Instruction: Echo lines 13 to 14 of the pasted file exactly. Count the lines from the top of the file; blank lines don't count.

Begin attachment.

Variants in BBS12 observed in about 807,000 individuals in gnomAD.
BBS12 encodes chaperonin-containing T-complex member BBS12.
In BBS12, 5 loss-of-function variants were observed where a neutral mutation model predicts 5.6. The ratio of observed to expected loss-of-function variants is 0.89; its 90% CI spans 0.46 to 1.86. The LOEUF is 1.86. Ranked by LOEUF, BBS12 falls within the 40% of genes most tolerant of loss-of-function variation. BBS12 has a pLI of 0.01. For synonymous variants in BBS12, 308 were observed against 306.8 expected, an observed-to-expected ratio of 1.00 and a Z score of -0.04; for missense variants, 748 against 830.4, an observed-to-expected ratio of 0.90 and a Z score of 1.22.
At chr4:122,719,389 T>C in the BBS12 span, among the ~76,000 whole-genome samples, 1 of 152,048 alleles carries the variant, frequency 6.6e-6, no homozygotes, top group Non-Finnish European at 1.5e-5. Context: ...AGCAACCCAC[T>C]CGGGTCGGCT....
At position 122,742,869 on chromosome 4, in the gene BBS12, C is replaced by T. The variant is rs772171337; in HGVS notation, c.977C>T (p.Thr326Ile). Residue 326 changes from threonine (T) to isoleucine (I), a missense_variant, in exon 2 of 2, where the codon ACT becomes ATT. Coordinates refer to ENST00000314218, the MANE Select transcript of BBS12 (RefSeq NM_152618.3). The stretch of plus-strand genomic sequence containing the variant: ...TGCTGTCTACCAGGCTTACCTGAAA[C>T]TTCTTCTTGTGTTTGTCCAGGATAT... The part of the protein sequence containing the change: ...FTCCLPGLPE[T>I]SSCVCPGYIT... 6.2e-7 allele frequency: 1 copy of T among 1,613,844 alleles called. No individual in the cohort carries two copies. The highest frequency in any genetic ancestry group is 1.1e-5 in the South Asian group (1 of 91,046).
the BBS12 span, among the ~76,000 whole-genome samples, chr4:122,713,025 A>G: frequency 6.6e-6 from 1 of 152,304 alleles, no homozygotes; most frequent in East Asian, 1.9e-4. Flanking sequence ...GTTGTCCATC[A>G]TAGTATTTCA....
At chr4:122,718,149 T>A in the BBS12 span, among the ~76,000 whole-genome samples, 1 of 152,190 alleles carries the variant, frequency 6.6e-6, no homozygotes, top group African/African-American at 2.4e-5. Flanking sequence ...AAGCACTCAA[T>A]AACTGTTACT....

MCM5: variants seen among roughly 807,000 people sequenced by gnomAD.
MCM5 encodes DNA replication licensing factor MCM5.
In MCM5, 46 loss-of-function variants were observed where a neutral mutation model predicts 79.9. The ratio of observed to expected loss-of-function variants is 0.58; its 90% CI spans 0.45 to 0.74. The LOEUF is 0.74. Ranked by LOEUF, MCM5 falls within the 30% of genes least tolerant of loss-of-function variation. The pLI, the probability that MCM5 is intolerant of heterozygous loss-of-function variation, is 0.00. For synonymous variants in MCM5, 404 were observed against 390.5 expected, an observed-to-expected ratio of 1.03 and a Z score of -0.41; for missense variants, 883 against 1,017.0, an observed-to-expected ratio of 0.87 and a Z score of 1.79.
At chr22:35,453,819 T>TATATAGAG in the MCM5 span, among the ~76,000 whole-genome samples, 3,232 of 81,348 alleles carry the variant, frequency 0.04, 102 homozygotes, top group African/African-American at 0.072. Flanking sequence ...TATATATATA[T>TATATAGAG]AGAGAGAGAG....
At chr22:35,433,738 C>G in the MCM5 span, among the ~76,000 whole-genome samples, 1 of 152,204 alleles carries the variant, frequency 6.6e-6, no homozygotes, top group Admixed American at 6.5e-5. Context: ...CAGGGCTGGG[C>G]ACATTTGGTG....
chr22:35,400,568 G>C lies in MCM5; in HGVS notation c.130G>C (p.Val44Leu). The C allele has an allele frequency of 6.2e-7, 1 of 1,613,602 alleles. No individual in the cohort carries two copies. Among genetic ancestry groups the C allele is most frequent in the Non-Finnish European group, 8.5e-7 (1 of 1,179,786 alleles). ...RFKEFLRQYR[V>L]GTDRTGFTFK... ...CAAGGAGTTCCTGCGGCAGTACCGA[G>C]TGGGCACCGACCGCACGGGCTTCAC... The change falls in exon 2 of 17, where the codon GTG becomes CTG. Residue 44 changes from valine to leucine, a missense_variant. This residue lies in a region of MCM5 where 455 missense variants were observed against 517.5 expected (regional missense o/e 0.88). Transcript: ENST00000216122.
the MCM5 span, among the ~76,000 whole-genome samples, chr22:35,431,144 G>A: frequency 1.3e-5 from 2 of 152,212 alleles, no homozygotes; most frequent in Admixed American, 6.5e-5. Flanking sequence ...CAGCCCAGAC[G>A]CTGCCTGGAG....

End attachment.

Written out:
chr22:35,400,568 G>C lies in MCM5; in HGVS notation c.130G>C (p.Val44Leu). The C allele has an allele frequency of 6.2e-7, 1 of 1,613,602 alleles. No individual in the cohort carries two copies. Among genetic ancestry groups the C allele is most frequent in the Non-Finnish European group, 8.5e-7 (1 of 1,179,786 alleles). ...RFKEFLRQYR[V>L]GTDRTGFTFK... ...CAAGGAGTTCCTGCGGCAGTACCGA[G>C]TGGGCACCGACCGCACGGGCTTCAC... The change falls in exon 2 of 17, where the codon GTG becomes CTG. Residue 44 changes from valine to leucine, a missense_variant. This residue lies in a region of MCM5 where 455 missense variants were observed against 517.5 expected (regional missense o/e 0.88). Transcript: ENST00000216122.
the MCM5 span, among the ~76,000 whole-genome samples, chr22:35,431,144 G>A: frequency 1.3e-5 from 2 of 152,212 alleles, no homozygotes; most frequent in Admixed American, 6.5e-5. Flanking sequence ...CAGCCCAGAC[G>A]CTGCCTGGAG....